A week of build up makes everyone involved in the race excited about the prospect of sailing down the coast and into another country.  First timers and veterans alike are always thrilled upon crossing the San Diego border.  Most people admire the beauty of a sailboat going through the water and when the Pacific is littered with hundreds of boats, it can make for some spectacular scenery.   This year did not disappoint as you can tell by this picture snapped just after the first start.

People always want to know what we do on the boat, where we sleep, what we eat and do we stop at night (especially interesting question when asked about the Transpac).  Just Go And Sail tells the story of what the racing is like.  What we feel, what we do and how we handle certain situation.

First off all we do not stop racing at night and have a few beers and light up the B-B-Q.  We put that myth to bed once and for all.  We sleep in tiny little bunks and eat freeze-dried food.  Some of the larger boats have decent meals and larger sleeping quarters but the average race boat is like camping while you are moving.  It is a close encounter with your crewmates and can

Starting amongst a few hundred boats only gives you a few lanes of clear traffic as you try to maximize your speed in order to get away from the light southern California coastline.  2015 was a tough year to do that.  In fact, they were still only abeam of us when we passed Dana Point, which happened to be at four in the afternoon.  Yes, this was my slowest N2E at this point.

Dana Point for me is iconic.  Living here for so long and understanding the history of this little port made me really appreciate and respect my surroundings.  It was almost sad watching it slowly fade from the horizon as the wind gently filled in.  Discussions about quitting were constant until we came together and decided to push through.  Freddy was not too pleased and decided he needed a nap at that point.  Sounded like a good idea to me but I was in it now.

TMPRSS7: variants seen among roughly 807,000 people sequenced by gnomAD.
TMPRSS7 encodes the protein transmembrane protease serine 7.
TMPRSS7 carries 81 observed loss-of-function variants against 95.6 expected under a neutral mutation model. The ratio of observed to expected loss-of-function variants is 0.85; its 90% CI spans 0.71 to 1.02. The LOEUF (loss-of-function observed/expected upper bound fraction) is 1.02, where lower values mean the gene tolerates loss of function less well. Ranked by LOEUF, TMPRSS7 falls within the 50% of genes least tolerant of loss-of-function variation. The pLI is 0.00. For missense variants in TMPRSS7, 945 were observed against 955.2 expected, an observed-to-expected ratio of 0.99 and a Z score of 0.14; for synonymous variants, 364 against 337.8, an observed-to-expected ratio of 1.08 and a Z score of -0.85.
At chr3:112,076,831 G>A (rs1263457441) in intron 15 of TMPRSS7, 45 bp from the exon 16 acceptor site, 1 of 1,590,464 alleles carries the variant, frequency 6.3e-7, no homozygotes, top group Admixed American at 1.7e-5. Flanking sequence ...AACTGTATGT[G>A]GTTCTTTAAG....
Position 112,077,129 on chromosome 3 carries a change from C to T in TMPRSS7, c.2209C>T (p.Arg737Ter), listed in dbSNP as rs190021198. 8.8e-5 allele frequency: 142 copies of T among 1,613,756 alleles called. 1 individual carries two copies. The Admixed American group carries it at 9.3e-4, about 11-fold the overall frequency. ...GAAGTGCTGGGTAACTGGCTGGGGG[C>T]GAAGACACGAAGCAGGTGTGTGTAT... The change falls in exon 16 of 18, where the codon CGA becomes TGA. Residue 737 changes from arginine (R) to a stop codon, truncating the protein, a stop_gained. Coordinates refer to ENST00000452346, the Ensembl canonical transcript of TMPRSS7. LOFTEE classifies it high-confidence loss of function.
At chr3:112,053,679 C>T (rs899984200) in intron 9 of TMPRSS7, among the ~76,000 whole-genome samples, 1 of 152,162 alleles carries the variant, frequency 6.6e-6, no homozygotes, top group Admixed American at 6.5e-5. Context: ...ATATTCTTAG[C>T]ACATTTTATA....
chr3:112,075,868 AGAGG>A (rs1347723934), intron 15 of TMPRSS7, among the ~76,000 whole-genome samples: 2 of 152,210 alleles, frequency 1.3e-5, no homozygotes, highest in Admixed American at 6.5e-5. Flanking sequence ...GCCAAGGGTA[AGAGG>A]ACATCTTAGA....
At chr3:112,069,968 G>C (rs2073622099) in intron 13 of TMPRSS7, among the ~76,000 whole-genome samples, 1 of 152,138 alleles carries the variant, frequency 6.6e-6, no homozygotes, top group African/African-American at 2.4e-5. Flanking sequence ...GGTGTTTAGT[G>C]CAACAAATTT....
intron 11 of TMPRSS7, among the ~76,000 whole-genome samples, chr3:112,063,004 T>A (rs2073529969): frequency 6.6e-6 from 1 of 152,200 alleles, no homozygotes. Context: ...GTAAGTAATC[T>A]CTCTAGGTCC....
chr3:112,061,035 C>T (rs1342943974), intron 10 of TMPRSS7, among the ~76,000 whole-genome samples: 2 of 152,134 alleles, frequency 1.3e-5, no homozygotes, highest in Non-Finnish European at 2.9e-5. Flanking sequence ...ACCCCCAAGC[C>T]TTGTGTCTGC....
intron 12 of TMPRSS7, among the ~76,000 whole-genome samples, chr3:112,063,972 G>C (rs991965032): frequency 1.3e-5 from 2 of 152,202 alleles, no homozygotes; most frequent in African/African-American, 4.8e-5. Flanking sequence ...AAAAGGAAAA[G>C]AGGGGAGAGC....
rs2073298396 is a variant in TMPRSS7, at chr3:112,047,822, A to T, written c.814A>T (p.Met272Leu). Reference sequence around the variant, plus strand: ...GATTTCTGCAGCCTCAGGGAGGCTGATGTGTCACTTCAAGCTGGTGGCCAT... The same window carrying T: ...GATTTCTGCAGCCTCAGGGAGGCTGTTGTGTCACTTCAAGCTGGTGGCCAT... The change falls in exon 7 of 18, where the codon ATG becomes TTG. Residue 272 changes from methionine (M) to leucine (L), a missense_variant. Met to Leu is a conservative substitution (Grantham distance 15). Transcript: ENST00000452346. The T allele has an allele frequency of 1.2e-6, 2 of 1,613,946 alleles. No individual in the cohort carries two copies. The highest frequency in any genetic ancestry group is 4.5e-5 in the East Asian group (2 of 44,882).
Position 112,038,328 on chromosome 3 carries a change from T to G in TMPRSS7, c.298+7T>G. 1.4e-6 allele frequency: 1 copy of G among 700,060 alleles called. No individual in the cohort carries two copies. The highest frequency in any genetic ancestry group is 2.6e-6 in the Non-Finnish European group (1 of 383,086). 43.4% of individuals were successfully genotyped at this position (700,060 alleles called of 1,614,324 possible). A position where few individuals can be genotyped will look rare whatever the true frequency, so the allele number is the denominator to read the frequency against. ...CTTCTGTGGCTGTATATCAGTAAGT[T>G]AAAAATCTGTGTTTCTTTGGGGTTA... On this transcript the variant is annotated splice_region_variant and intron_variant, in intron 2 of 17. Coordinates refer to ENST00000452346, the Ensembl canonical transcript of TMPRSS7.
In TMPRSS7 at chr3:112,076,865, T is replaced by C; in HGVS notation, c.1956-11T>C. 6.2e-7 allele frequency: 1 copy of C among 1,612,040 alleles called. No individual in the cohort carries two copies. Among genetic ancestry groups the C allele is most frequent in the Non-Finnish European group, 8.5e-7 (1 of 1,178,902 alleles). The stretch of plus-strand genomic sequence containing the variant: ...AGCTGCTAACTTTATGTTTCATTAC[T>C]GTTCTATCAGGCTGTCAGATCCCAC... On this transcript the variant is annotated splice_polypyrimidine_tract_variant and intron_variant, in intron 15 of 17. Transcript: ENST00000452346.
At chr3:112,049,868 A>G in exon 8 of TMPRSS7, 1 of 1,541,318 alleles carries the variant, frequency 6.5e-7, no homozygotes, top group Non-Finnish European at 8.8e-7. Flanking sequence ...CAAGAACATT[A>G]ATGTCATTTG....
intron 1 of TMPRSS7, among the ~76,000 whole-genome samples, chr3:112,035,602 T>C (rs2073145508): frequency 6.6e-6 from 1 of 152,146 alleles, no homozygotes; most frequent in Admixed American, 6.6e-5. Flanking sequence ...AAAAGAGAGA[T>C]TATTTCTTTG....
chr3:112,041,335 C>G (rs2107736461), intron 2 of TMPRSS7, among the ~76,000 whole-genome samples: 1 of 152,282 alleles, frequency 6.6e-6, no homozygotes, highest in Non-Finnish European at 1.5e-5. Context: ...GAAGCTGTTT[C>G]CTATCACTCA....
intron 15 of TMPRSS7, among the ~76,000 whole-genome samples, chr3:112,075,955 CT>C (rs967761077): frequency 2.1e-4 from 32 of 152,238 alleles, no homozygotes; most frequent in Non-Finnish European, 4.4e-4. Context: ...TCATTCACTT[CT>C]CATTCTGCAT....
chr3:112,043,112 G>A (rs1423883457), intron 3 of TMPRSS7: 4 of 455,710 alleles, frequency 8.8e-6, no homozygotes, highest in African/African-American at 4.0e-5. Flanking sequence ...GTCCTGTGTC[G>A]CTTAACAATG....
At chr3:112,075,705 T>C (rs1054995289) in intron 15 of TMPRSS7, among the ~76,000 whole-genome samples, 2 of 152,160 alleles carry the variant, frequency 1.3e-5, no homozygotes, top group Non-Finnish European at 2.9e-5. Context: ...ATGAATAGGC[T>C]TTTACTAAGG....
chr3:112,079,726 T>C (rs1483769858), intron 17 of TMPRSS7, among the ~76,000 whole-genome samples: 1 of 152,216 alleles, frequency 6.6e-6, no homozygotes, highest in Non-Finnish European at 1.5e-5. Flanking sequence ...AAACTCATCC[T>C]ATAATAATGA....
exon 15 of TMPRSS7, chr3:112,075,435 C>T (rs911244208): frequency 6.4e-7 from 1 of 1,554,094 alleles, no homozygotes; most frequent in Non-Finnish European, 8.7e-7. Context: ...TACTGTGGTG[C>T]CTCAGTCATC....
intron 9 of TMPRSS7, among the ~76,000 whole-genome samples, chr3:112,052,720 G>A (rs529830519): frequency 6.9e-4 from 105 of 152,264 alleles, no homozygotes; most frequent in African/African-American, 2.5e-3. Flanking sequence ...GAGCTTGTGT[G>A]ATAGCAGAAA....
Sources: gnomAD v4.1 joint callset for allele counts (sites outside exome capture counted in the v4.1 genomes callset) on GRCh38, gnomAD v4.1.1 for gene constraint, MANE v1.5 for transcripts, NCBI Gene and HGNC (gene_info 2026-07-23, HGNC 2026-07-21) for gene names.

What is it like sailing in this type of breeze?  It is extremely excruciating and taxing.  You need to really focus and shift gears with the slightest wind shift or velocity change.  It takes commitment and I know the good boats are committed.

Sunset came and we had still not breached the Mexican border.  When we did the wind finally came up a bit.  At this stage, we were headsail reaching with the genoa staysail.  Good combination since it was too tight for the Code 0.  When the wind finally shifted, we were just past the southern Coronado Island.  We put up a reaching spinnaker and were now doing ten plus knots right at Ensenada.  Now it is a drag race.

What did we do for the last five hours?   Sailed hard, made sail changes and packed sails.  I had the guys taking bearings of the boats around us and we figured we were in good company.

Morning comes and now is the chance to see what is really going on.  The Santa Cruz 52 Relentless and Javelin (Farr 49) were right there with us.  Being around boats that owe you a lot of time is usually a good thing right?  We will take it as a good omen at this point.  The fun part about this is that my good friends are on Relentless and we get to cross just in front making some fun gestures.

We pushed to the finish line making a few more spinnaker changes.  Finishing this one was great.  Only thing that ruined it was getting in and finding our good friends on Horizon had beaten us and won overall.  Just kidding.  Erik Shampain is a close friend and it is always a rivalry that keeps us motivated.  Great job to the team!

Ensenada is a great place to visit.  From fantastic restaurants to the wine country tours, there is something for everyone.  I highly recommend the taco place next to the legendary Hussong's Cantina.  Everything is good.  Take your time and adventure around, you will not regret it.

My time was spent winding down from not sleeping and enjoying a good meal.  Hearing the stories around town is an interesting experience.  Everyone comes away with a life changing moment or a harrowing tale.  Keep in mind I am talking to the bulk of racers who look forward to this race and spend time in the town.  There are the boats that turn and burn, the professionals who vacate immediately but the core of the racers stay to extend their experience.  The big boats might get the spotlight but the other guys make the race!”   Sailing photo credits- Rockskipper Photography   For more Newport to Ensenada Race sailing information